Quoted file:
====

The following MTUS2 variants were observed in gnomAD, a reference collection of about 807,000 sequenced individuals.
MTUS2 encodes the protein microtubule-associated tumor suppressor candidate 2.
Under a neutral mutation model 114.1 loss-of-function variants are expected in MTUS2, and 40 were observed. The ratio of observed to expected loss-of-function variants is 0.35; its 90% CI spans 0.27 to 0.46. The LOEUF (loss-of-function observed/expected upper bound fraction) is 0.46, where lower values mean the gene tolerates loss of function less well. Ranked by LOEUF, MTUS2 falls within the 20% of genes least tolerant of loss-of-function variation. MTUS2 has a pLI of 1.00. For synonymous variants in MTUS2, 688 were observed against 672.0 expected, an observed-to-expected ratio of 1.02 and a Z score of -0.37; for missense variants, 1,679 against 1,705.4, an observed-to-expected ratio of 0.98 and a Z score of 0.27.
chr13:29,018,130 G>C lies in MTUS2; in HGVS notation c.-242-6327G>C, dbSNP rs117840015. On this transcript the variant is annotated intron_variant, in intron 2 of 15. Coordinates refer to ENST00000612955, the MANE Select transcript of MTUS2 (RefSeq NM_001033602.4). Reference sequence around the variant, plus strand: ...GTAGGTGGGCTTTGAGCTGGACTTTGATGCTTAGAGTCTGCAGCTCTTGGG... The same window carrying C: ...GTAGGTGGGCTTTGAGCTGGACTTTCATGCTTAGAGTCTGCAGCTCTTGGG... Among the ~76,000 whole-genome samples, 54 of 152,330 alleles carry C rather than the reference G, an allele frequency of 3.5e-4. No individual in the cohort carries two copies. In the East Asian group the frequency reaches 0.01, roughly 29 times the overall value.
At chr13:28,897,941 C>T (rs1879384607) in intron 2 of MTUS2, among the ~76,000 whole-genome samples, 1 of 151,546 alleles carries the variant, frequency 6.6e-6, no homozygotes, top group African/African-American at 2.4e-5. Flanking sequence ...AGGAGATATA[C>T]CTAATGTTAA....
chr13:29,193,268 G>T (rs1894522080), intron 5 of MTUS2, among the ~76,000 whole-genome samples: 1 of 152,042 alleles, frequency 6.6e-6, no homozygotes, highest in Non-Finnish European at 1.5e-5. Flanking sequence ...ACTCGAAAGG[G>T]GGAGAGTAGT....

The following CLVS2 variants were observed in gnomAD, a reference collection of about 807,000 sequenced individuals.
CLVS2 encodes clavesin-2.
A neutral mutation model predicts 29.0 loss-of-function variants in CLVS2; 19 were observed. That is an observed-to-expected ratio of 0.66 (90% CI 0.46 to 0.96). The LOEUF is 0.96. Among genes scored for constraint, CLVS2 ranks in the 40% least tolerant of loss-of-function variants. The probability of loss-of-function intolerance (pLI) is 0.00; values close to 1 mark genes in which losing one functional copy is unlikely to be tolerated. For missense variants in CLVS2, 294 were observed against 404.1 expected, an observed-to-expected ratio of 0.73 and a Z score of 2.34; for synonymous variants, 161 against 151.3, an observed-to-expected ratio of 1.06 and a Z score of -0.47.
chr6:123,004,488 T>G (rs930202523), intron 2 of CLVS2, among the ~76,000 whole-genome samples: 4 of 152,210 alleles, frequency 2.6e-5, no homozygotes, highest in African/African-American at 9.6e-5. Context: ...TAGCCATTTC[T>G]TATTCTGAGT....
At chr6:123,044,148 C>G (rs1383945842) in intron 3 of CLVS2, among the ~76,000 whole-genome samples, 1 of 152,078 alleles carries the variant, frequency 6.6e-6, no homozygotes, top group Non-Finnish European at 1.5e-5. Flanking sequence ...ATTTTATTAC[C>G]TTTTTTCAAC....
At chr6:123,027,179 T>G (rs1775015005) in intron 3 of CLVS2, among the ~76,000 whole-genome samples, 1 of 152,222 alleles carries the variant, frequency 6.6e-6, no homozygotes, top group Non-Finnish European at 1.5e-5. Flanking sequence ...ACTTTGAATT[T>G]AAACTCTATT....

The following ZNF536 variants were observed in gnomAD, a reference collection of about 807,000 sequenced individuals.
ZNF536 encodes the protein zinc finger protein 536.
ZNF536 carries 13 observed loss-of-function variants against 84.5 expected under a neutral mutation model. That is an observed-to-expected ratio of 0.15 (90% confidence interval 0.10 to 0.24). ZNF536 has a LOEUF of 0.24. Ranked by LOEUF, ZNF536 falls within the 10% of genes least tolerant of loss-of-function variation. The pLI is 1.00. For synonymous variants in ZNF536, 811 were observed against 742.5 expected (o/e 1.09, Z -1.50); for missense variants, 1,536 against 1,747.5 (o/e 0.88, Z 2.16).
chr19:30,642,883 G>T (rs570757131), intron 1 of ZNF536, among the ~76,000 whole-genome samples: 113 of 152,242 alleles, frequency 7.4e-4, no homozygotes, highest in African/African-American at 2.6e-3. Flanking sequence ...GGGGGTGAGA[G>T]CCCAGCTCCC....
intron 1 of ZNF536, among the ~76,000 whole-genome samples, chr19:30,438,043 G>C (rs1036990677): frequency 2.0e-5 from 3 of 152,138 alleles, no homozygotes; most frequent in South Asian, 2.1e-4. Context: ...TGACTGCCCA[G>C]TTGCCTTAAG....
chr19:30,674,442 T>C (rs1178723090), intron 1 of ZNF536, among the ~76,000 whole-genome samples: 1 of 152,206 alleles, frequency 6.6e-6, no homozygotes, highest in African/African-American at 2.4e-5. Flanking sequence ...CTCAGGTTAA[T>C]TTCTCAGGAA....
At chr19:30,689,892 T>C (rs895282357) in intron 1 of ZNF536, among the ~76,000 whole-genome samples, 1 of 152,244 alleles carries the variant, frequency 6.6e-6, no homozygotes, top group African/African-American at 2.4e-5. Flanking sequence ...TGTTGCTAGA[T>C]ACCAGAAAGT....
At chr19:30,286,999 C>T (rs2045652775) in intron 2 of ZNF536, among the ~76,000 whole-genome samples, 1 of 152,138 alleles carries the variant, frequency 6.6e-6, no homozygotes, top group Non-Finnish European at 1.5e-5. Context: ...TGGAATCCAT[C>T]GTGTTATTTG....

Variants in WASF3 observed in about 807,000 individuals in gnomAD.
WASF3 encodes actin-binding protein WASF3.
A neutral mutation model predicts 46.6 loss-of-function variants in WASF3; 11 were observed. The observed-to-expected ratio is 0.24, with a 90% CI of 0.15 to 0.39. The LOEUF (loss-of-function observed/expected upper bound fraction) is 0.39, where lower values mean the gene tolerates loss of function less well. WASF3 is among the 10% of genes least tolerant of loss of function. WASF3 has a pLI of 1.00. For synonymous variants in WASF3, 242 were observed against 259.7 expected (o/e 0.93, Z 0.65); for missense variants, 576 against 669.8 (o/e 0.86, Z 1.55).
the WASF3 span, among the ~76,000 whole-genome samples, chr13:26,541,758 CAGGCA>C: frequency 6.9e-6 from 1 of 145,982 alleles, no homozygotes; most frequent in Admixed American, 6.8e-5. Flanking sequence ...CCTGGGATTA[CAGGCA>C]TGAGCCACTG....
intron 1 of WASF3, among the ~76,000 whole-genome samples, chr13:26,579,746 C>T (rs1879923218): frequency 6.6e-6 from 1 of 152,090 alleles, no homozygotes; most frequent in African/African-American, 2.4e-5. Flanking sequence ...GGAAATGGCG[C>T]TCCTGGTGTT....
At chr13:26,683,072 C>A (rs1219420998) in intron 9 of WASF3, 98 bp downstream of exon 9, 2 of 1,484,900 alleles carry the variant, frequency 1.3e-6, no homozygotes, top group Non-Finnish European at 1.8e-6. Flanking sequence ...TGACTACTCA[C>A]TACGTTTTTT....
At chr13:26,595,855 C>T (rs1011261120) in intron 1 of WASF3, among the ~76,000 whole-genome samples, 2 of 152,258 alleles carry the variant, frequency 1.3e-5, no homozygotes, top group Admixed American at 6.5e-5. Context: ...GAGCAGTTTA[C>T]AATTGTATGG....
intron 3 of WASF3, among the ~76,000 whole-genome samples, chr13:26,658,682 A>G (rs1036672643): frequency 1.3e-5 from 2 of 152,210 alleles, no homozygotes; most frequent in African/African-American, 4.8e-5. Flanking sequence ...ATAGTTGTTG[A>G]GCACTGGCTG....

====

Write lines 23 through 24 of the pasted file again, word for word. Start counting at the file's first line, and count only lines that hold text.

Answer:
A neutral mutation model predicts 46.6 loss-of-function variants in WASF3; 11 were observed. The observed-to-expected ratio is 0.24, with a 90% CI of 0.15 to 0.39. The LOEUF (loss-of-function observed/expected upper bound fraction) is 0.39, where lower values mean the gene tolerates loss of function less well. WASF3 is among the 10% of genes least tolerant of loss of function. WASF3 has a pLI of 1.00. For synonymous variants in WASF3, 242 were observed against 259.7 expected (o/e 0.93, Z 0.65); for missense variants, 576 against 669.8 (o/e 0.86, Z 1.55).
the WASF3 span, among the ~76,000 whole-genome samples, chr13:26,541,758 CAGGCA>C: frequency 6.9e-6 from 1 of 145,982 alleles, no homozygotes; most frequent in Admixed American, 6.8e-5. Flanking sequence ...CCTGGGATTA[CAGGCA>C]TGAGCCACTG....